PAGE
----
The romance of in-store shopping isn’t gone just yet.
According to Forbes Insights, customers conduct research online, but they prefer to make their purchases in a physical shop. This allows them to see and try the actual products, talk to representatives face-to-face, and pick up their items immediately.
Still, customers don’t ditch their digital resources once they get in the retail store. Data management platform SessionM found that 90% of buyers use their smartphones while shopping at brick-and-mortar locations. This helps them look up product information and read reviews while they’re deciding on an item.
As a result, brands have an opportunity to make in-store shopping more enjoyable and convenient by using customer social media engagement before, during, and after they purchase.
Here’s how three leading retailers use social media engagement.
With over 15 million followers on Facebook, Sephora needed a way to bridge the gap between its social audience and retail locations. And the makeup brand found it by launching Sephora Assistant, a Facebook Messenger app. The app allows customers to book in-store makeovers in seconds – without having to make a call, send an email, or visit the Sephora website.
In fact, this method cuts down the average booking process by five steps. All someone has to do is enter her zip code, choose her closest store, and select an available date and time. Once she books through the app, she’ll receive a confirmation email and be all set.
As a result, the app increased Sephora’s booking rate by 11%. It also helped the brand increase sales, since it sees an average incremental spend of over $50 from people who book an in-store service.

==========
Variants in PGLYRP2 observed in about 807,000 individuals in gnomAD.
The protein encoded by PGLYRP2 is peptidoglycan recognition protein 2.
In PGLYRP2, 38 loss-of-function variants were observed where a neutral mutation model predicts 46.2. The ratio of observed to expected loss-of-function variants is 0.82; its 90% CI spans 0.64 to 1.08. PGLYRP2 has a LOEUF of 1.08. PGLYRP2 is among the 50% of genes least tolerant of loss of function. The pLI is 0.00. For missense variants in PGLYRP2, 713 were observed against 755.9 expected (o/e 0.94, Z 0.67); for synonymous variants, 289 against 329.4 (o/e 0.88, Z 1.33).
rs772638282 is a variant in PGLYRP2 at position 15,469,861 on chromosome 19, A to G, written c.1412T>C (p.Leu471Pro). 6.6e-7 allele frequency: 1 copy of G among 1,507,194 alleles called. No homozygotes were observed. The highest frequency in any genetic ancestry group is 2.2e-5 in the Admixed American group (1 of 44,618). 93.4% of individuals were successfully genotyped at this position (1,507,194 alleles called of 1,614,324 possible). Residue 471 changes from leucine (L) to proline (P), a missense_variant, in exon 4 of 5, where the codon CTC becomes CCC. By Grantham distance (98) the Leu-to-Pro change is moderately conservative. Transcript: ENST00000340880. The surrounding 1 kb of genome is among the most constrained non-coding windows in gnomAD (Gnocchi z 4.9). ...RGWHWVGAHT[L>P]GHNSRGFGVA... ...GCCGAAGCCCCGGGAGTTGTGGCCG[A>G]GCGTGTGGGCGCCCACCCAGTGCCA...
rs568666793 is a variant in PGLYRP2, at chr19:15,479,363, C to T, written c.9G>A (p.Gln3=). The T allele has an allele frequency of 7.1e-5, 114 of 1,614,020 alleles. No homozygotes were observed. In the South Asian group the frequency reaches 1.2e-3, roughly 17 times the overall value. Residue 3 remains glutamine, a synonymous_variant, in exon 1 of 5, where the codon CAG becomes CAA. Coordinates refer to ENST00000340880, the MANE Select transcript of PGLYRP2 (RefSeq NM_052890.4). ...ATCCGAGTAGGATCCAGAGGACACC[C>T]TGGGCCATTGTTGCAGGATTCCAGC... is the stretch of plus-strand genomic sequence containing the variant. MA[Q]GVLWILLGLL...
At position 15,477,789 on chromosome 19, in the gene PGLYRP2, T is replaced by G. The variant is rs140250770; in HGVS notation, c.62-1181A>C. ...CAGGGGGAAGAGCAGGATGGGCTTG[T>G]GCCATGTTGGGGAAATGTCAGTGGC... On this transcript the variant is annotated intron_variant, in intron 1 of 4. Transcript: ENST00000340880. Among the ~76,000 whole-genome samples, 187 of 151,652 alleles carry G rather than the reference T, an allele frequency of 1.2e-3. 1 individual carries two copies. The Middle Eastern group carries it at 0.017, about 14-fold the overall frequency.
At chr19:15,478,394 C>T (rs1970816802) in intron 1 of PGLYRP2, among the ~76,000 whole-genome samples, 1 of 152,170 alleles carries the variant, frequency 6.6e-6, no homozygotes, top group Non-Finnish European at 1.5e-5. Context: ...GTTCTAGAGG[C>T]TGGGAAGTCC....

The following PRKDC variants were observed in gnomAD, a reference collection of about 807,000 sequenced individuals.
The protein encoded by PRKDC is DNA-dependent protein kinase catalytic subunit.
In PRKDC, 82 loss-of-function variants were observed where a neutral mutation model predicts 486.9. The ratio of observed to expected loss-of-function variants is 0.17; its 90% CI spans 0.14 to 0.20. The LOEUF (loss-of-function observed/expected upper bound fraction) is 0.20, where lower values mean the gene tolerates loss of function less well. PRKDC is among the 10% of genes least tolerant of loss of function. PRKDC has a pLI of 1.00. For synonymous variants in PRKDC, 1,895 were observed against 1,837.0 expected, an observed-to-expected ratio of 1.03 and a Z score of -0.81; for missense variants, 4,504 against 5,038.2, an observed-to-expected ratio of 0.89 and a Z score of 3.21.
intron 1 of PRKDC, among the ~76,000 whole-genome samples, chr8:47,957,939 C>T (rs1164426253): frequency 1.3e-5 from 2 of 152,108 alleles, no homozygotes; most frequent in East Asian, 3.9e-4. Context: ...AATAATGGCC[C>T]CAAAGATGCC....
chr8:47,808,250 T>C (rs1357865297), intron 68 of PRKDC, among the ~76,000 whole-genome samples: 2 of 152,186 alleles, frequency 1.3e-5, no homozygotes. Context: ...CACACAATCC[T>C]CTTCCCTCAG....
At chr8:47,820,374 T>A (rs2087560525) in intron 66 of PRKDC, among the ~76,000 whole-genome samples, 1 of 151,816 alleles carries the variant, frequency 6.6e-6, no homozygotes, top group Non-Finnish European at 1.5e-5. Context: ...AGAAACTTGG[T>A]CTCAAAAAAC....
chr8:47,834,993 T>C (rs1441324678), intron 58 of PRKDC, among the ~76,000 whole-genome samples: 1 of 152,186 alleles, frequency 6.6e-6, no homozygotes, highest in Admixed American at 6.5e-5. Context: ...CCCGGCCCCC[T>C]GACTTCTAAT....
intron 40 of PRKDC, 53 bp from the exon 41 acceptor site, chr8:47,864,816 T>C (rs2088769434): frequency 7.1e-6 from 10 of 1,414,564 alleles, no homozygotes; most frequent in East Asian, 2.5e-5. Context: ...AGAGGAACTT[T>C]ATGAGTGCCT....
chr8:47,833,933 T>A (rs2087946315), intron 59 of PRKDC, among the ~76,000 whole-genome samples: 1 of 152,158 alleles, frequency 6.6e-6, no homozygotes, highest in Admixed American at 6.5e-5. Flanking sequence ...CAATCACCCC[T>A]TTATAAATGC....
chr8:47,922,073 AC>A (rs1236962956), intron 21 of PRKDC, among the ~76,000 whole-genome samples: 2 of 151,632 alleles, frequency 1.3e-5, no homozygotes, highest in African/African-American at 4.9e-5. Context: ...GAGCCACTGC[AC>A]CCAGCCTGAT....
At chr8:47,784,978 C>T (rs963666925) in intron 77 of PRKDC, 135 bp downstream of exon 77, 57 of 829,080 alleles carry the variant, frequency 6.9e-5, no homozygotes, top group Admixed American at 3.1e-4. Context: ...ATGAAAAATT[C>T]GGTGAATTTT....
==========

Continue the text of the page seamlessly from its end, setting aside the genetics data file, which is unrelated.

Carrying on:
Some brands find the best-selling products from their stores, and then share them on social media. Nordstrom, however, flipped the script. The retailer found its most-shared products on social media, and then created special sections in its stores to showcase them.
Starting in 2013, Nordstrom shoppers were greeted by a table of “Top Pinned Items,” complete with little Pinterest logos attached. This helped buyers see recommendations from fellow consumers without having to pull out their phone.
Nordstrom made its selections by checking which items from Nordstrom.com received the most Pins each week. They then added these Pins to their Top Pins: Nordstrom.com board on Pinterest and used an in-store app to update salespeople on the trending items. This way, customers could stay up to date online and in the store.
After testing the idea in 13 retail locations, Nordstrom quickly expanded its strategy to all 117 stores. As Nordstrom social media manager Bryan Galipeau said, “It’s one thing to say: ‘Hey, this is really popular on Pinterest.’ But, it is another thing, to take it to the next step and say: ‘Not only is this the most popular on Pinterest, but this is the most relevant selection that we have for you in this store at this time.”
Facebook’s local awareness ads were built specifically for engagement by guiding shoppers to nearby stores. All marketers have to do is choose a radius, define an audience, and select a call-to-action button. For instance, you can pick “Get Directions” to help customers find your store without leaving the Facebook app. You can even include a map card with a pin for your location.
Just look at Sears Hometown & Outlet Stores. The retailer used local awareness ads to promote grand opening events at its new stores. This strategy reduced Sears’ cost per impression and increased its reach across store-specific initiatives.
As Facebook’s director of monetization product marketing, Maz Sharafi, said, “Online to offline attribution is a fundamental challenge retailers have had since the beginning of online advertising. We can close the loop for businesses at scale.”
Your customer interactions don’t have to end on social media – or even online. You can use innovative strategies to guide buyers to your retail stores.
Whether you’re inviting people to book a consultation, find a trending product, or locate their nearest shop, there are social tools that can help you make it happen. After all, your customers are already researching items and getting recommendations from friends online. Now it’s up to you to close the gap and help them finish the sale.
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